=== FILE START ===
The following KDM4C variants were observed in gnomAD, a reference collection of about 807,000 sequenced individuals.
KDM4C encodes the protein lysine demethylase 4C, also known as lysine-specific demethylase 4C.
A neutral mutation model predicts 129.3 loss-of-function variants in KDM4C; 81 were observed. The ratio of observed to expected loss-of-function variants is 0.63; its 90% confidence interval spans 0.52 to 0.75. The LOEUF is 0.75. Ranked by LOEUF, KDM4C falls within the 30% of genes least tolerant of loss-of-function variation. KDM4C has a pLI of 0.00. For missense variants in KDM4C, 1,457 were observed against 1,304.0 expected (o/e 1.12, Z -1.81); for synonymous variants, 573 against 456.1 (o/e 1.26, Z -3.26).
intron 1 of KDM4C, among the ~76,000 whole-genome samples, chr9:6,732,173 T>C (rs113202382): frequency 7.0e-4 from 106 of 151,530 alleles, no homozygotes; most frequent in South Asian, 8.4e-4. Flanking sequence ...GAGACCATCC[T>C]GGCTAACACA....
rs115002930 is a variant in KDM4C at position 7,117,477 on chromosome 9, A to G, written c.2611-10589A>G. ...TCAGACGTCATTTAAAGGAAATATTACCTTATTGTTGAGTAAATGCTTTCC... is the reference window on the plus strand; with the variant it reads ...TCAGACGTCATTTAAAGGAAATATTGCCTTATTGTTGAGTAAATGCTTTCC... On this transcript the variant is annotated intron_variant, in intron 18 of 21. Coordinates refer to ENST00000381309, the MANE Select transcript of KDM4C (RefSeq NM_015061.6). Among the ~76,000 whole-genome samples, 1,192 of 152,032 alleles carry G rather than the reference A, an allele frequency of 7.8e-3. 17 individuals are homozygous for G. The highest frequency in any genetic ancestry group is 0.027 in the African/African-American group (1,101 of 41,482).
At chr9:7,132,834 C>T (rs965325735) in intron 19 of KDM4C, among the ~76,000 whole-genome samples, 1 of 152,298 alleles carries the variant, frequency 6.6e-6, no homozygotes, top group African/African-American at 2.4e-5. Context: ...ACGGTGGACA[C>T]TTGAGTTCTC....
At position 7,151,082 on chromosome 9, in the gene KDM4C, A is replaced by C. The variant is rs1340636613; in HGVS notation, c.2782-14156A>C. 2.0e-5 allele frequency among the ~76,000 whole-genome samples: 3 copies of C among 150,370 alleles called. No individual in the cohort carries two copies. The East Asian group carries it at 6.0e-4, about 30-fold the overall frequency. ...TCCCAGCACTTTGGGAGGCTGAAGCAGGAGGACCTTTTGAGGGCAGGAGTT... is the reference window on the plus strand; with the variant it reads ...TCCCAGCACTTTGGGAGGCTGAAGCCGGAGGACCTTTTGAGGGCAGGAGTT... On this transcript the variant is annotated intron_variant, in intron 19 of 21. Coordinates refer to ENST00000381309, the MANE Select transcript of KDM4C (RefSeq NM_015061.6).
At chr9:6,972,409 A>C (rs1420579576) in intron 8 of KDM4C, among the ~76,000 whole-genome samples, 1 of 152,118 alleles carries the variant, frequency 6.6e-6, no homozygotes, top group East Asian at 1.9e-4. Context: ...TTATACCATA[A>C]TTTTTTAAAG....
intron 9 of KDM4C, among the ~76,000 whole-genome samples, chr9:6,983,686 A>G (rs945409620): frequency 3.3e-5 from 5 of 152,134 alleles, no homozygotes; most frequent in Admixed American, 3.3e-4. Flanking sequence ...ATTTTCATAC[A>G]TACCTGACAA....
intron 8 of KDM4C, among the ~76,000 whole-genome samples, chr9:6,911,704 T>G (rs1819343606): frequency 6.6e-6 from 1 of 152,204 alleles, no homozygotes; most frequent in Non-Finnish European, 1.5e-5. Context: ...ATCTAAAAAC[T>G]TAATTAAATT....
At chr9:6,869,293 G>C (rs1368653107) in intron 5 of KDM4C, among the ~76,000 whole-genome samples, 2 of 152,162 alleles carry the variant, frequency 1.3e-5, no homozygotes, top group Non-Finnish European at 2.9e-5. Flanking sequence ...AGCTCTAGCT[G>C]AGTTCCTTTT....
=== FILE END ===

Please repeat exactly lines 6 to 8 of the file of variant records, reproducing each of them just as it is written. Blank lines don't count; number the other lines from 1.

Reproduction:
At chr9:7,132,834 C>T (rs965325735) in intron 19 of KDM4C, among the ~76,000 whole-genome samples, 1 of 152,298 alleles carries the variant, frequency 6.6e-6, no homozygotes, top group African/African-American at 2.4e-5. Context: ...ACGGTGGACA[C>T]TTGAGTTCTC....
At position 7,151,082 on chromosome 9, in the gene KDM4C, A is replaced by C. The variant is rs1340636613; in HGVS notation, c.2782-14156A>C. 2.0e-5 allele frequency among the ~76,000 whole-genome samples: 3 copies of C among 150,370 alleles called. No individual in the cohort carries two copies. The East Asian group carries it at 6.0e-4, about 30-fold the overall frequency. ...TCCCAGCACTTTGGGAGGCTGAAGCAGGAGGACCTTTTGAGGGCAGGAGTT... is the reference window on the plus strand; with the variant it reads ...TCCCAGCACTTTGGGAGGCTGAAGCCGGAGGACCTTTTGAGGGCAGGAGTT... On this transcript the variant is annotated intron_variant, in intron 19 of 21. Coordinates refer to ENST00000381309, the MANE Select transcript of KDM4C (RefSeq NM_015061.6).
At chr9:6,972,409 A>C (rs1420579576) in intron 8 of KDM4C, among the ~76,000 whole-genome samples, 1 of 152,118 alleles carries the variant, frequency 6.6e-6, no homozygotes, top group East Asian at 1.9e-4. Context: ...TTATACCATA[A>C]TTTTTTAAAG....